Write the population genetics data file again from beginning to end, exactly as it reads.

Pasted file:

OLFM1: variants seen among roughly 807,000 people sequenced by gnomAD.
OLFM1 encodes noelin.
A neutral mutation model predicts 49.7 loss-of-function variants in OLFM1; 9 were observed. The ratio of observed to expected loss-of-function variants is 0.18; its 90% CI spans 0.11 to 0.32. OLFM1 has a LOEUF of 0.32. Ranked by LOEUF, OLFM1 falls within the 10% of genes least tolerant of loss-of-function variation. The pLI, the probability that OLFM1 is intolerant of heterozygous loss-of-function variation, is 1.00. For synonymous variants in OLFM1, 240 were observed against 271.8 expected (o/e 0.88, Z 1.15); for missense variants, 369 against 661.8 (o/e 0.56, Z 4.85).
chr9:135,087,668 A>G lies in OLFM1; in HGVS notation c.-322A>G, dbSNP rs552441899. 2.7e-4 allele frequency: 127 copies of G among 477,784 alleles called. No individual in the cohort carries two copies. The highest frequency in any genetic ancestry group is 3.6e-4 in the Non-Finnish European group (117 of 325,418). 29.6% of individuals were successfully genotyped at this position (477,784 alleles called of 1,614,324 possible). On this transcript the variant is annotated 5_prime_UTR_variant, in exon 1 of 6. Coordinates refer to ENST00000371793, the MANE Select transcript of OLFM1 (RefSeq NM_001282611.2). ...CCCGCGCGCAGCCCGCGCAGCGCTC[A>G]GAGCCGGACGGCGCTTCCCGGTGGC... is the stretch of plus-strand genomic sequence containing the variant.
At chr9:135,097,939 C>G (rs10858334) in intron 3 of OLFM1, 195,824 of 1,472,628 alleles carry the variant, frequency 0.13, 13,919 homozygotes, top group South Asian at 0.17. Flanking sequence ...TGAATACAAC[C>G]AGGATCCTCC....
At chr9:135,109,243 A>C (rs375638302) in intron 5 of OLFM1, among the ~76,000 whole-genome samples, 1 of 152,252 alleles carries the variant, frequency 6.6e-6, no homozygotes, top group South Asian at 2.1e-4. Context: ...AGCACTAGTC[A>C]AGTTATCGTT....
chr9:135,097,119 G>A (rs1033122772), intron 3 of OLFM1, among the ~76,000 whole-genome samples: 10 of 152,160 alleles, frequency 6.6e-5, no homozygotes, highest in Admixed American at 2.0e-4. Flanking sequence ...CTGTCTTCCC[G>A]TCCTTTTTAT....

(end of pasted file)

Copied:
OLFM1: variants seen among roughly 807,000 people sequenced by gnomAD.
OLFM1 encodes noelin.
A neutral mutation model predicts 49.7 loss-of-function variants in OLFM1; 9 were observed. The ratio of observed to expected loss-of-function variants is 0.18; its 90% CI spans 0.11 to 0.32. OLFM1 has a LOEUF of 0.32. Ranked by LOEUF, OLFM1 falls within the 10% of genes least tolerant of loss-of-function variation. The pLI, the probability that OLFM1 is intolerant of heterozygous loss-of-function variation, is 1.00. For synonymous variants in OLFM1, 240 were observed against 271.8 expected (o/e 0.88, Z 1.15); for missense variants, 369 against 661.8 (o/e 0.56, Z 4.85).
chr9:135,087,668 A>G lies in OLFM1; in HGVS notation c.-322A>G, dbSNP rs552441899. 2.7e-4 allele frequency: 127 copies of G among 477,784 alleles called. No individual in the cohort carries two copies. The highest frequency in any genetic ancestry group is 3.6e-4 in the Non-Finnish European group (117 of 325,418). 29.6% of individuals were successfully genotyped at this position (477,784 alleles called of 1,614,324 possible). On this transcript the variant is annotated 5_prime_UTR_variant, in exon 1 of 6. Coordinates refer to ENST00000371793, the MANE Select transcript of OLFM1 (RefSeq NM_001282611.2). ...CCCGCGCGCAGCCCGCGCAGCGCTC[A>G]GAGCCGGACGGCGCTTCCCGGTGGC... is the stretch of plus-strand genomic sequence containing the variant.
At chr9:135,097,939 C>G (rs10858334) in intron 3 of OLFM1, 195,824 of 1,472,628 alleles carry the variant, frequency 0.13, 13,919 homozygotes, top group South Asian at 0.17. Flanking sequence ...TGAATACAAC[C>G]AGGATCCTCC....
At chr9:135,109,243 A>C (rs375638302) in intron 5 of OLFM1, among the ~76,000 whole-genome samples, 1 of 152,252 alleles carries the variant, frequency 6.6e-6, no homozygotes, top group South Asian at 2.1e-4. Context: ...AGCACTAGTC[A>C]AGTTATCGTT....
chr9:135,097,119 G>A (rs1033122772), intron 3 of OLFM1, among the ~76,000 whole-genome samples: 10 of 152,160 alleles, frequency 6.6e-5, no homozygotes, highest in Admixed American at 2.0e-4. Flanking sequence ...CTGTCTTCCC[G>A]TCCTTTTTAT....